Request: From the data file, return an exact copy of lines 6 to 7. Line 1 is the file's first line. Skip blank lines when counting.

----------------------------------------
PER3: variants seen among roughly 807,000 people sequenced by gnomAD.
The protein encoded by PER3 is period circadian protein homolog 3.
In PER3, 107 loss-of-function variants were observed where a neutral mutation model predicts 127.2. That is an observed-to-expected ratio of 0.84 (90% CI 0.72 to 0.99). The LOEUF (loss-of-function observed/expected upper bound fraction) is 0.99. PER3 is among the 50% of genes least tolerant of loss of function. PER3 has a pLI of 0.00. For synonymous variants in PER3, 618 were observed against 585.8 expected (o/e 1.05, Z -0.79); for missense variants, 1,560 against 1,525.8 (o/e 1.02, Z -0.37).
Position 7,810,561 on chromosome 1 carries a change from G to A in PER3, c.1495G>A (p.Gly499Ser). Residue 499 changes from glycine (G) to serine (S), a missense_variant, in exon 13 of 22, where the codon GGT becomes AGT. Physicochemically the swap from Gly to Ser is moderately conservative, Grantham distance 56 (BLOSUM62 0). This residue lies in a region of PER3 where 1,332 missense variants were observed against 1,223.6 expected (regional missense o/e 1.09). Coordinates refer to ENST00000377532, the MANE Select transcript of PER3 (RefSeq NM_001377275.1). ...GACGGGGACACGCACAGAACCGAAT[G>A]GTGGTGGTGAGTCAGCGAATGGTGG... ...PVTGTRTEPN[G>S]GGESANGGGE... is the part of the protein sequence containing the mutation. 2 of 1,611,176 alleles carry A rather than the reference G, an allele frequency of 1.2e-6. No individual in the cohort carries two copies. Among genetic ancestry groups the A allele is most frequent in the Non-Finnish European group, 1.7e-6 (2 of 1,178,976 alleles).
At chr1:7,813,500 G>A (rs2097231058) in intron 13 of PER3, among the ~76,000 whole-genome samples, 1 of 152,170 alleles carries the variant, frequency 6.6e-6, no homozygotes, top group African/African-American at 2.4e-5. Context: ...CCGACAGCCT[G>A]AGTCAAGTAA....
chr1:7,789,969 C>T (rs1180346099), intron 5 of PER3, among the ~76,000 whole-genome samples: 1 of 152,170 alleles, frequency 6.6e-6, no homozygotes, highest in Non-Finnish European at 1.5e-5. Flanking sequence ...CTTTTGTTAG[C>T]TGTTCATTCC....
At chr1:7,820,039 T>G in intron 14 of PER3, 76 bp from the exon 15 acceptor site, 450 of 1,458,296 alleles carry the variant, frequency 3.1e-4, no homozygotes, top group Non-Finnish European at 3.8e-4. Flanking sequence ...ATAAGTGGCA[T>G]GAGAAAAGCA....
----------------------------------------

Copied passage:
chr1:7,789,969 C>T (rs1180346099), intron 5 of PER3, among the ~76,000 whole-genome samples: 1 of 152,170 alleles, frequency 6.6e-6, no homozygotes, highest in Non-Finnish European at 1.5e-5. Flanking sequence ...CTTTTGTTAG[C>T]TGTTCATTCC....
At chr1:7,820,039 T>G in intron 14 of PER3, 76 bp from the exon 15 acceptor site, 450 of 1,458,296 alleles carry the variant, frequency 3.1e-4, no homozygotes, top group Non-Finnish European at 3.8e-4. Flanking sequence ...ATAAGTGGCA[T>G]GAGAAAAGCA....